"Religion I found to be without any tendency to inspire, promote, or confirm morality, serves principally to divide us and make us unfriendly to one another."--Benjamin Franklin

Further reference.
http://www.theology.edu/journal/volume2/ushistor.htm
Stephanos
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18 posted 09-06-2003 09:18 PM       View Profile for Stephanos   Email Stephanos   Edit/Delete Message      Find Poems   Click to visit Stephanos's Home Page   View IP for Stephanos

Deism seems to only have hand picked the more palatable doctrines of the Judeo-Christian tradition.  If it can't be argued that the founding minds of our Government were distinctly Christian (which I concede, from everything I've read), it can be argued that what spiritual notions they held were distinctly taken from Judeo-Christian tradition.  Deists didn't really reject the Bible (though some spoke against it), they abridged it.

But if a Deist view of God can be expressed from the top down (ie official statements which mention: Justice, Morals, inalienable rights endowed by the Creator, trusting God, etc...), it brings up the question, why not the Christian view?  It seems a double standard to me.      

Stephen.  

[This message has been edited by Stephanos (09-08-2003 02:34 AM).]

Denise
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19 posted 09-07-2003 10:30 PM       View Profile for Denise   Edit/Delete Message      Find Poems  View IP for Denise

Craig,

I really don't see these quotes as being contradictory. They are not speaking against God, or the wisdom of acknowledging Him, but are expressing their views on mixing government with religious systems.

My use of the quotes was to show the thinking and viewpoint of the writers of the Constitution regarding Constitutional interpretation and the value, necessity really, that they saw to a nation in acknowledging God.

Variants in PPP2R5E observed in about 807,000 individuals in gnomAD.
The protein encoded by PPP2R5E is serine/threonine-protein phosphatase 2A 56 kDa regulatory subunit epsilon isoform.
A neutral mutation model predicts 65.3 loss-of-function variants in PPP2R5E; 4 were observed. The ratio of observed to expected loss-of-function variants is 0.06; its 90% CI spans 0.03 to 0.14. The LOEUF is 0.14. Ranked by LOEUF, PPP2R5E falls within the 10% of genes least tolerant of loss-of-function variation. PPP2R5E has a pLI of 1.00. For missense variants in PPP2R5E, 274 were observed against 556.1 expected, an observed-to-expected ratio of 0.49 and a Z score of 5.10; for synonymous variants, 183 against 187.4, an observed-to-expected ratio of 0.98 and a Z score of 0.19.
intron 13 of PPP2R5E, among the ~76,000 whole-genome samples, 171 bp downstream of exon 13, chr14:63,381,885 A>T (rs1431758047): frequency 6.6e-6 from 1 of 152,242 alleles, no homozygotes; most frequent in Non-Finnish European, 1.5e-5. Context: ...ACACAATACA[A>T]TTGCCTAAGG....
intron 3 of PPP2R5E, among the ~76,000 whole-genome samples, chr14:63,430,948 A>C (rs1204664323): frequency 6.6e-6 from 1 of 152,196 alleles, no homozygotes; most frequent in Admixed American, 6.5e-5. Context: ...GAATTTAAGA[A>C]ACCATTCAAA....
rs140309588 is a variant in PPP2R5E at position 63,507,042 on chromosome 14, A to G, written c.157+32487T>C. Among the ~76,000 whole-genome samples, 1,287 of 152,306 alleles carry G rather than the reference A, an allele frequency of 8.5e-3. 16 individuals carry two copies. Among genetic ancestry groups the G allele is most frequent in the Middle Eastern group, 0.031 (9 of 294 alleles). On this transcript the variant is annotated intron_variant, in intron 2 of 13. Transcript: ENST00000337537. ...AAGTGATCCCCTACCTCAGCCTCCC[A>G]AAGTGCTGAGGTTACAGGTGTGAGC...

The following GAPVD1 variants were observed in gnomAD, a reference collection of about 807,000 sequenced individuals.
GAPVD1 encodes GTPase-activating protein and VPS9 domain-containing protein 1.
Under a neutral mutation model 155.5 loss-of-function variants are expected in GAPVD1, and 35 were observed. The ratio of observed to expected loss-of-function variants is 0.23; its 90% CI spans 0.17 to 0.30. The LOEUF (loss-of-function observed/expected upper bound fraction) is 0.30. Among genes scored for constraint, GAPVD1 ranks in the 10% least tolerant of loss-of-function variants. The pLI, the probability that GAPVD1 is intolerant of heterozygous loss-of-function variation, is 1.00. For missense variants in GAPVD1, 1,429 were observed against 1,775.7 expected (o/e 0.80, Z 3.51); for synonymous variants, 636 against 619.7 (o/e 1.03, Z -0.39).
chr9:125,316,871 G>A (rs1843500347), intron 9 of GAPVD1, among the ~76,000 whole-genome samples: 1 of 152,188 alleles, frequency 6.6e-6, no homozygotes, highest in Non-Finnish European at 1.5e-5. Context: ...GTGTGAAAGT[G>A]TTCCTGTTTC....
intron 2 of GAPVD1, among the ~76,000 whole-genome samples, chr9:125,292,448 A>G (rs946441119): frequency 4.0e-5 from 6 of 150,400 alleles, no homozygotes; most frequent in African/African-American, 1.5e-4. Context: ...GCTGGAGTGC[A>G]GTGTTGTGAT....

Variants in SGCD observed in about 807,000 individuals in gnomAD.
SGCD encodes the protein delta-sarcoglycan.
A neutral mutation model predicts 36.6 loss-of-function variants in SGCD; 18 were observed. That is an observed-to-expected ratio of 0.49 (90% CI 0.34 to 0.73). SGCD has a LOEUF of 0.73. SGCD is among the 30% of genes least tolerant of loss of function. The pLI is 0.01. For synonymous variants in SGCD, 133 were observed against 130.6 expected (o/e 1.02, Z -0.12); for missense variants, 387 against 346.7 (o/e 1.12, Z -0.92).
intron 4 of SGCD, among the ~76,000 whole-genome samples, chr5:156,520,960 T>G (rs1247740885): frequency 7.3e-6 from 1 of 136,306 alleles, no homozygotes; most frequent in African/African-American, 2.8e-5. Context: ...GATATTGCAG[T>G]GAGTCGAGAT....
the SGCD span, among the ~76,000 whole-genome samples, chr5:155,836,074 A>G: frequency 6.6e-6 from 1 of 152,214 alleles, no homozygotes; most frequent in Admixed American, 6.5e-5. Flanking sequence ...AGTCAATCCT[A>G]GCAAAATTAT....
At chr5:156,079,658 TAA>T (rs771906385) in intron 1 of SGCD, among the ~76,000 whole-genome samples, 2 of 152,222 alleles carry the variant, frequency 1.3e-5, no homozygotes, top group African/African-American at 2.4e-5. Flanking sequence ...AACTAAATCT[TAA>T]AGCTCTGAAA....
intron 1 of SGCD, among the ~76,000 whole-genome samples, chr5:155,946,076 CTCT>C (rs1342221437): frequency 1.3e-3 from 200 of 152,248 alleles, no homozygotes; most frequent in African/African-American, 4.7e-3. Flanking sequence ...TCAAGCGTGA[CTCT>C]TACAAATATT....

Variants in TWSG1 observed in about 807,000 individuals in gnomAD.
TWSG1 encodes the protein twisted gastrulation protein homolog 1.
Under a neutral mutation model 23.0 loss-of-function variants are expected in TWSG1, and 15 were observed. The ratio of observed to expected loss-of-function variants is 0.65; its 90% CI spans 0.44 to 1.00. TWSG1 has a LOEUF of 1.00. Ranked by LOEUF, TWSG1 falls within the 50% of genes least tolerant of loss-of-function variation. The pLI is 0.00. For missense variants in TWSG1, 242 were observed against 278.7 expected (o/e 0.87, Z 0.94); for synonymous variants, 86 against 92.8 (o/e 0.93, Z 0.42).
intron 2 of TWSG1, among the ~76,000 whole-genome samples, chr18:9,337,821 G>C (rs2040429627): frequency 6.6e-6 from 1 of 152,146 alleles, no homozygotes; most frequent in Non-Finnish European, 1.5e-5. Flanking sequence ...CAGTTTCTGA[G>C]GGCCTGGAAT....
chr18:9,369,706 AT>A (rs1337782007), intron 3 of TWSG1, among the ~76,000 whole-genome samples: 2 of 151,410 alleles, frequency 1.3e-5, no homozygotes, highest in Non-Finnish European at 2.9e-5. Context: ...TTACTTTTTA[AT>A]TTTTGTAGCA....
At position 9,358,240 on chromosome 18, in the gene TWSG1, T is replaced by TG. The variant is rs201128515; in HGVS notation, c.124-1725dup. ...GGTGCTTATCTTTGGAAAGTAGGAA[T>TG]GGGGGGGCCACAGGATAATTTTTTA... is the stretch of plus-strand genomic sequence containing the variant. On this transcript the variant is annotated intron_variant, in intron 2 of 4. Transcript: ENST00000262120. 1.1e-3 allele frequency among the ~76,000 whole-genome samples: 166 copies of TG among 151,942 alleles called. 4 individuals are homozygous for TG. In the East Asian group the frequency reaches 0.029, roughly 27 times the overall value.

Stephen,

I think that the Deist view provides a common ground that all religious systems can relate to without being offensive to any one system in particular. Nothing more than that would work in a pluralistic society, so no, I don't see a double standard. To my understanding, even if the framers were all Christian they would still have had to present an abridged view of their beliefs, otherwise they would have establised a Christian nation.
Stephanos
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20 posted 09-08-2003 02:31 AM       View Profile for Stephanos   Email Stephanos   Edit/Delete Message      Find Poems   Click to visit Stephanos's Home Page   View IP for Stephanos

But Denise,

What you are taking for granted is that everyone accepts the abridged view too.  But they don't.  There are many who find references to rights "endowed by our Creator", and "trusting in God" to be offensive.  If there can be no expression of religious ideas from the top down, then why are these okay?  

And surely all religious systems cannot find a common frame of reference to work from in the Deist view of God.  This view of God borrows from the monotheistic Judeo-Christian view, such ideas as transcedence, personal nature, morality, and omnipotence.  These are very definite spiritual dogmas, if you will ... which fit only into a few of the religious worldviews that exist.


Stephen.        
Denise